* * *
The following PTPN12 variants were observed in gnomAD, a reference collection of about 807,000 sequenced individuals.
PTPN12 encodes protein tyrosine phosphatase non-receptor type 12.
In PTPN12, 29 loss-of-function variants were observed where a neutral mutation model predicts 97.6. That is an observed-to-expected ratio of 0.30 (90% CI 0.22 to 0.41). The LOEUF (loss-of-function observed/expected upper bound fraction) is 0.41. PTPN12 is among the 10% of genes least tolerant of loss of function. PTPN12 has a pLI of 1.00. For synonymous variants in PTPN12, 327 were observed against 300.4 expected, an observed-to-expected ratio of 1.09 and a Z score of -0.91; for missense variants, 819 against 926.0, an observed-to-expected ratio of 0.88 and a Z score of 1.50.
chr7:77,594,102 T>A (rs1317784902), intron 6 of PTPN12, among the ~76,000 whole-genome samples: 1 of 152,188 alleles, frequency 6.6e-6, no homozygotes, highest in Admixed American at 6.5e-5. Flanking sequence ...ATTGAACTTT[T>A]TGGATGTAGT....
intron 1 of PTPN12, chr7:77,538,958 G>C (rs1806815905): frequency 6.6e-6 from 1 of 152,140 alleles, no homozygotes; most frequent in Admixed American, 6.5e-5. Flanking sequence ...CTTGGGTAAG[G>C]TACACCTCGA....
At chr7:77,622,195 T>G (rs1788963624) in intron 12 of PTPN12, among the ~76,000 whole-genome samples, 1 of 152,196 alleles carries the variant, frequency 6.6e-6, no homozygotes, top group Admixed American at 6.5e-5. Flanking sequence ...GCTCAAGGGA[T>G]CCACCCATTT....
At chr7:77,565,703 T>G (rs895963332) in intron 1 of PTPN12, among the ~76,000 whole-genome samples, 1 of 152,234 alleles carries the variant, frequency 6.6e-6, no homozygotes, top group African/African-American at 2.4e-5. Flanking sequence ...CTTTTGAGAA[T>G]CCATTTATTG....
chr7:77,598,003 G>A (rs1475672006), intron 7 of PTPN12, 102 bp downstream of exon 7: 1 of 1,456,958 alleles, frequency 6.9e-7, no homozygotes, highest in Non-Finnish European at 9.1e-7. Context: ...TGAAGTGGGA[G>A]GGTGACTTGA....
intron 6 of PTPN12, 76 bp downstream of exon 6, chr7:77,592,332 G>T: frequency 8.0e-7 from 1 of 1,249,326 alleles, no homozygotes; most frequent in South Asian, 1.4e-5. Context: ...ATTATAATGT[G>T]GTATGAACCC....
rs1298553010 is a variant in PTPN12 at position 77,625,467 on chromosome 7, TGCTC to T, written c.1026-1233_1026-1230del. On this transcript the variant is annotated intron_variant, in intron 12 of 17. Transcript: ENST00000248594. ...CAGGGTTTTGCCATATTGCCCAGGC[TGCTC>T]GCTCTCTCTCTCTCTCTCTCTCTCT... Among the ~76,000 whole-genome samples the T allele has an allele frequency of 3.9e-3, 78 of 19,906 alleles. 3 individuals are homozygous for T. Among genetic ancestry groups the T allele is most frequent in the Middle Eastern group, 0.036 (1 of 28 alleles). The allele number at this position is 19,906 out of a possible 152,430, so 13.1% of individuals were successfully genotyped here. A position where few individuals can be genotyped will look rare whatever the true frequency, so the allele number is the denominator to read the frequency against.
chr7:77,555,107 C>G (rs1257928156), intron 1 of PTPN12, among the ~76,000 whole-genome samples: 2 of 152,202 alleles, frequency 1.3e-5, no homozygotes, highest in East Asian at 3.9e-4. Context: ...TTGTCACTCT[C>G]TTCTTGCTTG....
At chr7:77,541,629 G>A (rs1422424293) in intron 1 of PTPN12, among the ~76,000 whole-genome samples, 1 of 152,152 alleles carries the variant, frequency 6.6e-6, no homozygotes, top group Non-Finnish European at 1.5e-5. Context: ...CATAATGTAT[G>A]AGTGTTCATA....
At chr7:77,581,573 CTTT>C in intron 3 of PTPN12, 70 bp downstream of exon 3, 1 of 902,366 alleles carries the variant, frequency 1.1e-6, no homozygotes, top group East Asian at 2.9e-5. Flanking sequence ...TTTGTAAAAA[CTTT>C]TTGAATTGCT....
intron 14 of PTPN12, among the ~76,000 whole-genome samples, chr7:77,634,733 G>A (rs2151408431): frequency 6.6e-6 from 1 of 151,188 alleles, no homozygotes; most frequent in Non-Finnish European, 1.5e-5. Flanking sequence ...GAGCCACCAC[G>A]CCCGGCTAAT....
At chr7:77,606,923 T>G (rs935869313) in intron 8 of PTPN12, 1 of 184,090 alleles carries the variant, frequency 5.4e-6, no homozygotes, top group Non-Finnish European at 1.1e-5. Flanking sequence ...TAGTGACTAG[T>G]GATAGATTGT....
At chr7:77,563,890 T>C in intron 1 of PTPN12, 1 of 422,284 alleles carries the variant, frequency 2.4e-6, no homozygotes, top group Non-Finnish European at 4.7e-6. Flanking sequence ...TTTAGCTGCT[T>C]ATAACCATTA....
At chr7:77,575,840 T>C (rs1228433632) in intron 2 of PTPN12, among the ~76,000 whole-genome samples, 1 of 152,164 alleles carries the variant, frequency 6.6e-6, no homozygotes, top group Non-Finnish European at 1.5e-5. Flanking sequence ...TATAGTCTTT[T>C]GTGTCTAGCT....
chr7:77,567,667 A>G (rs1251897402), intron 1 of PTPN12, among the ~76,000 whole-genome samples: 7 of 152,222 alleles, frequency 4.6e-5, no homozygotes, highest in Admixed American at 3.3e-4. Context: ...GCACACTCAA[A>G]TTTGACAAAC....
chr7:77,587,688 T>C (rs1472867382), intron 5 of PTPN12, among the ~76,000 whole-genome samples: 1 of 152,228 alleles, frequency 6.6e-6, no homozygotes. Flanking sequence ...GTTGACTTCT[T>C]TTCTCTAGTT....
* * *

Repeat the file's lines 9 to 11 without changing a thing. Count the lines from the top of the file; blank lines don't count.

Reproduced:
intron 6 of PTPN12, 76 bp downstream of exon 6, chr7:77,592,332 G>T: frequency 8.0e-7 from 1 of 1,249,326 alleles, no homozygotes; most frequent in South Asian, 1.4e-5. Context: ...ATTATAATGT[G>T]GTATGAACCC....
rs1298553010 is a variant in PTPN12 at position 77,625,467 on chromosome 7, TGCTC to T, written c.1026-1233_1026-1230del. On this transcript the variant is annotated intron_variant, in intron 12 of 17. Transcript: ENST00000248594. ...CAGGGTTTTGCCATATTGCCCAGGC[TGCTC>T]GCTCTCTCTCTCTCTCTCTCTCTCT... Among the ~76,000 whole-genome samples the T allele has an allele frequency of 3.9e-3, 78 of 19,906 alleles. 3 individuals are homozygous for T. Among genetic ancestry groups the T allele is most frequent in the Middle Eastern group, 0.036 (1 of 28 alleles). The allele number at this position is 19,906 out of a possible 152,430, so 13.1% of individuals were successfully genotyped here. A position where few individuals can be genotyped will look rare whatever the true frequency, so the allele number is the denominator to read the frequency against.
chr7:77,555,107 C>G (rs1257928156), intron 1 of PTPN12, among the ~76,000 whole-genome samples: 2 of 152,202 alleles, frequency 1.3e-5, no homozygotes, highest in East Asian at 3.9e-4. Context: ...TTGTCACTCT[C>G]TTCTTGCTTG....